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Man has been the chief cause of the recent dramatic rise in the rate of extinction, partly through ignorance and partly through greed. We have more power over other life on the planet than any other species; this power brings the responsibility to care for our planet.

Species that have evolved over millions of years may be lost very quickly and cannot be re-created.

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Moral Obligation

The culture of a nation is closely allied to its landscapes and wildlife; poets, painters, writers and composers have been inspired by the nature around them.
We should hand on to the next generation an environment no less rich than the one we ourselves inherited and should conserve species and habitats because they enrich our lives.
A culture that respects wildlife and the environment encourages respect for individuals and for human life.

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Benefits to Society

Natural habitats perform important functions e.g. flood plains act as natural valves for rivers in flood; woods and hedges act as wind breaks; vegetation provides good protection against erosion on hills.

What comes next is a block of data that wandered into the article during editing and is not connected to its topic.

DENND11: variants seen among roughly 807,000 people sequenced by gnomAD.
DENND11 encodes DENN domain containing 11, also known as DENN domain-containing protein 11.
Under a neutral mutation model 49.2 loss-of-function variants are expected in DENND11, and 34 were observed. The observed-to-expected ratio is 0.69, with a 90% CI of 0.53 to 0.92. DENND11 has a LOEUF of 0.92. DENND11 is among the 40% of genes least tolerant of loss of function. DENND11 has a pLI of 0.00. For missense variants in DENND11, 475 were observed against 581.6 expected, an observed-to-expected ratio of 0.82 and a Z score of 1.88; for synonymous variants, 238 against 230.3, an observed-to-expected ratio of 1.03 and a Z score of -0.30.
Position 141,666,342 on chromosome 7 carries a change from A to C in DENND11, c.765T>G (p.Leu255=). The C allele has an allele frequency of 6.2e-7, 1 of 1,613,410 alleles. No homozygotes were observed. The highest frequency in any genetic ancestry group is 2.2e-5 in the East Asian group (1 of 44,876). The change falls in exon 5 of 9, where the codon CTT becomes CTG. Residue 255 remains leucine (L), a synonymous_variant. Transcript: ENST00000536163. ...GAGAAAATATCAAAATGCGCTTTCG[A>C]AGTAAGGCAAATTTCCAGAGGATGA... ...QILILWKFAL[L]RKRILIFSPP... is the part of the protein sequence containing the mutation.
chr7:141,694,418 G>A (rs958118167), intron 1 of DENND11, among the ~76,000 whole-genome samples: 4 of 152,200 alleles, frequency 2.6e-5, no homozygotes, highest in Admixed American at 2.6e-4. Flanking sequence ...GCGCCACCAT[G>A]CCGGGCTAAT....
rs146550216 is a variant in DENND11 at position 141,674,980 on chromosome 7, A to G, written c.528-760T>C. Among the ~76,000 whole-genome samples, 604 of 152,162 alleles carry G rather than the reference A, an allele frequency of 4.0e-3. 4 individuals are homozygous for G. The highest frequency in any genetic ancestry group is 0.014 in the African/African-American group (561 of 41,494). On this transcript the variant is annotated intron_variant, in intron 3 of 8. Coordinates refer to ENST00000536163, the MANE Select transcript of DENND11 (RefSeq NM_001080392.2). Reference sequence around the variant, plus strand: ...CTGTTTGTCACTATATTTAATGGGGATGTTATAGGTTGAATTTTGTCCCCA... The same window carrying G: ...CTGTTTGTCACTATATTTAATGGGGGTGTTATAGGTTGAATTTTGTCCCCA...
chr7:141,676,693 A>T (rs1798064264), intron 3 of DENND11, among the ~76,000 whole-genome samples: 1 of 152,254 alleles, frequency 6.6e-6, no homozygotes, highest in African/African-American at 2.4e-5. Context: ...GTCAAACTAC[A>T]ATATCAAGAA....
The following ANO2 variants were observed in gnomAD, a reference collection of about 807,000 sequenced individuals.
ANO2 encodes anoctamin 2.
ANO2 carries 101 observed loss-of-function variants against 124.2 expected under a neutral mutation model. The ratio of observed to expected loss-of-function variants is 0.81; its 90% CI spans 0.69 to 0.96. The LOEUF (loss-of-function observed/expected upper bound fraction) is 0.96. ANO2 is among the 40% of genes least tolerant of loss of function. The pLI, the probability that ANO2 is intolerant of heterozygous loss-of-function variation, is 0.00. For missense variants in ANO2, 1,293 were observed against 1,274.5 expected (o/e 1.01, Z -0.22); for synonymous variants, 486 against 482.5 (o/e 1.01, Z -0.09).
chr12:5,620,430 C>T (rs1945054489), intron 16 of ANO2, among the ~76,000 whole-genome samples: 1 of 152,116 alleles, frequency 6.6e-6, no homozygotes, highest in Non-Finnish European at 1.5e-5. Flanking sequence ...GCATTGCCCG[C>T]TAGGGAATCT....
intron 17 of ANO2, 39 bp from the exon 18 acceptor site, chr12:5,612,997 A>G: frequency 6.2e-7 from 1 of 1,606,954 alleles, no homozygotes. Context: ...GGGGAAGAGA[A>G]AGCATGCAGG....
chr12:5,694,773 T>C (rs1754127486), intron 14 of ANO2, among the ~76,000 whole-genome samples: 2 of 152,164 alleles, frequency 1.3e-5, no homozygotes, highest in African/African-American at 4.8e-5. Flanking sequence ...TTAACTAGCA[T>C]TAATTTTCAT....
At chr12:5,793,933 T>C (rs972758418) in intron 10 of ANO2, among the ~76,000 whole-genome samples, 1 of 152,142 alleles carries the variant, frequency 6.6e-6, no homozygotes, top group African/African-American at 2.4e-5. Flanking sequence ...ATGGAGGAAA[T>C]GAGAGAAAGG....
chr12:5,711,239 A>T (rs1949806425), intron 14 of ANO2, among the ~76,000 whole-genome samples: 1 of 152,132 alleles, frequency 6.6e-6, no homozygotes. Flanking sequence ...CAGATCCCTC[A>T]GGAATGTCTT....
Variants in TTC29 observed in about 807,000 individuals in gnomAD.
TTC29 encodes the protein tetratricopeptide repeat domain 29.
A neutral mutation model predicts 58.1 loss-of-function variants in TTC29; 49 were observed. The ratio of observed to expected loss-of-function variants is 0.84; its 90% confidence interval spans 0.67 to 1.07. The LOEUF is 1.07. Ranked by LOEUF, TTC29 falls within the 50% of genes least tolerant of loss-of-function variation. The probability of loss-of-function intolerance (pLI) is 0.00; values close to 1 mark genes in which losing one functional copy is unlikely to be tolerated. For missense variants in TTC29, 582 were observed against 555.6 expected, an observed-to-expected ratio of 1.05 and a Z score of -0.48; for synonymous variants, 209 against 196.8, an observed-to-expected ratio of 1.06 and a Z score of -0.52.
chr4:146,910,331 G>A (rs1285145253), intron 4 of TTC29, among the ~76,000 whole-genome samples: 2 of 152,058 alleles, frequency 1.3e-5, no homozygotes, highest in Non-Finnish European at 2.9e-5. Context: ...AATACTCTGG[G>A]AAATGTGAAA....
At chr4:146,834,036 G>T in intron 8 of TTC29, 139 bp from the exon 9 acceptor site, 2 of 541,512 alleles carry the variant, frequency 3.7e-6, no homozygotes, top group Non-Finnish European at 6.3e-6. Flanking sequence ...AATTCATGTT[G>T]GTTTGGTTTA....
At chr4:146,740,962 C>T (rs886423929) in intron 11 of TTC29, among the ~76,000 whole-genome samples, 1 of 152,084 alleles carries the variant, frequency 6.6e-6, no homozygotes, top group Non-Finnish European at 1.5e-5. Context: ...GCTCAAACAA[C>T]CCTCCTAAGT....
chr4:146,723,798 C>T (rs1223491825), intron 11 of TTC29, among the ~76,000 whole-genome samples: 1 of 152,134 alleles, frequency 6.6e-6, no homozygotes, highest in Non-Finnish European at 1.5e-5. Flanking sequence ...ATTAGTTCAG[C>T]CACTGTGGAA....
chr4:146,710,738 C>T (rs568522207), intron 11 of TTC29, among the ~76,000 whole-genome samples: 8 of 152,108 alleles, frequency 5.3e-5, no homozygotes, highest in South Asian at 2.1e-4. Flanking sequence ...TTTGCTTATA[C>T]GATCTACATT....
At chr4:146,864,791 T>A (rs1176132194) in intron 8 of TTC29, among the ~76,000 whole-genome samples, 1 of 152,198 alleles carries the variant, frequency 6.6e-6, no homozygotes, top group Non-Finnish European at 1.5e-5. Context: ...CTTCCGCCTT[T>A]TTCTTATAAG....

There are many potential medicinal benefits from nature and our knowledge is limited so it makes sense to preserve as many species as possible; for example some plants promise potential cures for different forms of cancer.
A rich environment is important to people’s physical and psychological health.
The wealth of habitats and species is a valuable indicator of the health of the planet.

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Economic Value

Much of the countryside in the UK is of great beauty and is a focus for recreation and tourism.
Many species have direct economic value e.g. as food, building materials, fuel, clothing. Improved breeds are developed using genetic material from wild relatives; we will need to keep going back to this pool of wild material.
Biodiversity also provides a more indirect, economically valuable service e.g. water and soil conservation, climate and weather moderation, pollution control.

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